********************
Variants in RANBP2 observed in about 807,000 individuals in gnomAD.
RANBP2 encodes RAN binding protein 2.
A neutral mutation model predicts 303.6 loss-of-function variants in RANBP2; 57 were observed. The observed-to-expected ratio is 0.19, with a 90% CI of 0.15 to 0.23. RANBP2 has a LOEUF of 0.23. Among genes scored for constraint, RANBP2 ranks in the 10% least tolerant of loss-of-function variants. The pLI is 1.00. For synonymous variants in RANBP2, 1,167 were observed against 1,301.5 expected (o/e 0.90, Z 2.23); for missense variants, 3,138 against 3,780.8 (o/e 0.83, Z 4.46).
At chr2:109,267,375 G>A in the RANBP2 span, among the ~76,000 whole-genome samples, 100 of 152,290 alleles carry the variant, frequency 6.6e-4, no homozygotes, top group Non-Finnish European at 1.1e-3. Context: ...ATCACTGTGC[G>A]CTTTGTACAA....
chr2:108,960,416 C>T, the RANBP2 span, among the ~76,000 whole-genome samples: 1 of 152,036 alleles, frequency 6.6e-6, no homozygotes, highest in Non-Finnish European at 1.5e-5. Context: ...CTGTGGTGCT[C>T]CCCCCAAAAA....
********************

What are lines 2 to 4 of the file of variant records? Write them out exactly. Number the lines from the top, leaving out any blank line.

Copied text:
RANBP2 encodes RAN binding protein 2.
A neutral mutation model predicts 303.6 loss-of-function variants in RANBP2; 57 were observed. The observed-to-expected ratio is 0.19, with a 90% CI of 0.15 to 0.23. RANBP2 has a LOEUF of 0.23. Among genes scored for constraint, RANBP2 ranks in the 10% least tolerant of loss-of-function variants. The pLI is 1.00. For synonymous variants in RANBP2, 1,167 were observed against 1,301.5 expected (o/e 0.90, Z 2.23); for missense variants, 3,138 against 3,780.8 (o/e 0.83, Z 4.46).
At chr2:109,267,375 G>A in the RANBP2 span, among the ~76,000 whole-genome samples, 100 of 152,290 alleles carry the variant, frequency 6.6e-4, no homozygotes, top group Non-Finnish European at 1.1e-3. Context: ...ATCACTGTGC[G>A]CTTTGTACAA....